The First Four Results presented by The Greenville Piedmont Newspaper.
Cowboys Night Life v. Al’s Pump House
We'll let King George start us off with the results of the very first play-in game between these two locations on the edge of town…
🎶Cowboys on Cedar Lane, sure did have fun
Making the play-in, surprising everyone
Drew people to Berea had downtown on the run
Til they ran into Al from out by Furman
Since then it's been like 10 things, many police calls and such
For Cowboys like us🎶
Result: Al’s Pump House advances.
Seafood Shanty v. The Palms at The Phoenix Inn
It was a great first four match-up of beach themed restaurants in awkward locations. While I am sure in the minds of the owners opening a fine dining restaurant in a motor lodge by the downtown airport seemed like a good idea at the time, the free HBO marquee and the Krispy Kreme next door will only lure so many people to your location. The Palms did host many prom dinners in the nineties and just like prom night they did not live up to the hype. The Seafood Shanty leaves the Palms in the ashes of the Phoenix.
Result: The Seafood Shanty advances.
Local Taco v. Smokin Stokes
What can I say about the Local Taco that has not been said? I wanted it to work. It had history (the old Campbell’s Pharmacy, err Shane’s Rib Shack), location (convenient to all of Augusta Road), concept (inexpensive Mexican with patio seating and a bar), not much competition in the same class, cool name and vibe - most of the things many people look for in a restaurant. But the one thing it could never get right was service - both accuracy and speed. And consistently bad service will get you bounced from the play-in.
Result: Smokin Stokes advances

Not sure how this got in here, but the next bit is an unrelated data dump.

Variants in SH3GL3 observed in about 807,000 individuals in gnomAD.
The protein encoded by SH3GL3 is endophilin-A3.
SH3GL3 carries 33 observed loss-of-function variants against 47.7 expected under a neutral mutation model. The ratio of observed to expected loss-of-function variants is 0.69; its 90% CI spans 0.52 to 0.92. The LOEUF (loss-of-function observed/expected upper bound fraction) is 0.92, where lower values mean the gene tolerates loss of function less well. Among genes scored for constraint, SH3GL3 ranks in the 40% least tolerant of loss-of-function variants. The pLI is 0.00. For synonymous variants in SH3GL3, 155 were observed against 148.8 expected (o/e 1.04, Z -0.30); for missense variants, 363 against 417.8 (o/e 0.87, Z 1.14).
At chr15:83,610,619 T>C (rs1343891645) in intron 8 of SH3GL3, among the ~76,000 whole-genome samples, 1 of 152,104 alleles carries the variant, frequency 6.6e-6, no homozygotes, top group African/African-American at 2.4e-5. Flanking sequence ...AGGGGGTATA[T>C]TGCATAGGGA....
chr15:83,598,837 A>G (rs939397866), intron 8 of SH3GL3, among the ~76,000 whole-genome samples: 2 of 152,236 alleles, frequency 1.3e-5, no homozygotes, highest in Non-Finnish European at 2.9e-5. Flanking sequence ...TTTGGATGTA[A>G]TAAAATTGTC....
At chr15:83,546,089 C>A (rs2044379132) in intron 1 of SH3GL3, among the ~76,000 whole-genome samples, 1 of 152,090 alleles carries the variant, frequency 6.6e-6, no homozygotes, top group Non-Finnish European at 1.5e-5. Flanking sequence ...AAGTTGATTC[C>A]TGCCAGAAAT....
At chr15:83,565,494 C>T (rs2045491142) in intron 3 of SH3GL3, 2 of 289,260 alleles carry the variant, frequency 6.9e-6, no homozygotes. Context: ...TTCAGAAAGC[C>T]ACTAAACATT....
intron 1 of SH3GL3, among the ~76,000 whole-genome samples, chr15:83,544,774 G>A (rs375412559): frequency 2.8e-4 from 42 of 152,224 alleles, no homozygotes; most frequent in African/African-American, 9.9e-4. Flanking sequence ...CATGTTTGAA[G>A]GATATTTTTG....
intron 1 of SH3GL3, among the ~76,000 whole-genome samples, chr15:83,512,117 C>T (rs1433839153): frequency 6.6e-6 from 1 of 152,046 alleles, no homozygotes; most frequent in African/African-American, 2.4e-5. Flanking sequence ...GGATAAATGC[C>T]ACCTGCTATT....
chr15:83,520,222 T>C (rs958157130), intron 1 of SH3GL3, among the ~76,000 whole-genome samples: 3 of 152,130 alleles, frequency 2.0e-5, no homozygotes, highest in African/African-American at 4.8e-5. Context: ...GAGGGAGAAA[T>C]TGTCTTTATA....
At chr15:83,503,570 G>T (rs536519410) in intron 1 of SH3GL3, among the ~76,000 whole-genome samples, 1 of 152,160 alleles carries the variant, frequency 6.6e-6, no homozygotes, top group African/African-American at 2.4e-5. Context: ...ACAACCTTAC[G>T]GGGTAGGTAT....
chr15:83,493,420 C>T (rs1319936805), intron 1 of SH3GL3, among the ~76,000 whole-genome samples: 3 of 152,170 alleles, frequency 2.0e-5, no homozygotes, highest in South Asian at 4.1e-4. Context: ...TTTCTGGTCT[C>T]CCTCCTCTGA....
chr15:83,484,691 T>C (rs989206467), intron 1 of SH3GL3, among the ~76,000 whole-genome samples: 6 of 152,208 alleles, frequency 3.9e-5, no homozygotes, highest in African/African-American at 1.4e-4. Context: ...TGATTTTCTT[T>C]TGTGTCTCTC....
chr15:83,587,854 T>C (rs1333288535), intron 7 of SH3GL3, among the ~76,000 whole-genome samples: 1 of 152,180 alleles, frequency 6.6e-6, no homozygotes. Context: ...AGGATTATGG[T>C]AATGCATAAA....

Never on Sunday v. Spaghetti Warehouse
Like many entries in Yeah That Bracket, Spaghetti Warehouse was in the right place at the wrong time. You now know it as the address of Northampton Wines and DP3 Architects, but the old trolley barn (circa 1890) on East Broad Street used to be a Spaghetti Warehouse in the 1990s. SW had a thing for opening restaurants in downtown historic buildings in an attempt to rehabilitate an urban area. But this often meant they were too soon and too big into a fledgling market where additional development did not come fast enough. By 1996 the chain closed a number of locations nationwide. Here is what the senior VP of finance said about one of the closures: ``It never got to an acceptable level of sales. Even with the honeymoon period [four to eight months after opening], it didn't get anywhere near that level, and since then it has continued to decline.'' Could not have said it better myself.
PS Don’t shed a tear for the company - it bought the trolley barn for $175,000 in March 1992 and sold it for $825,000 in April 1996. This building is as good a benchmark as any for people trying to peg when downtown Greenville started really getting legs.
Result: Never on Sunday advances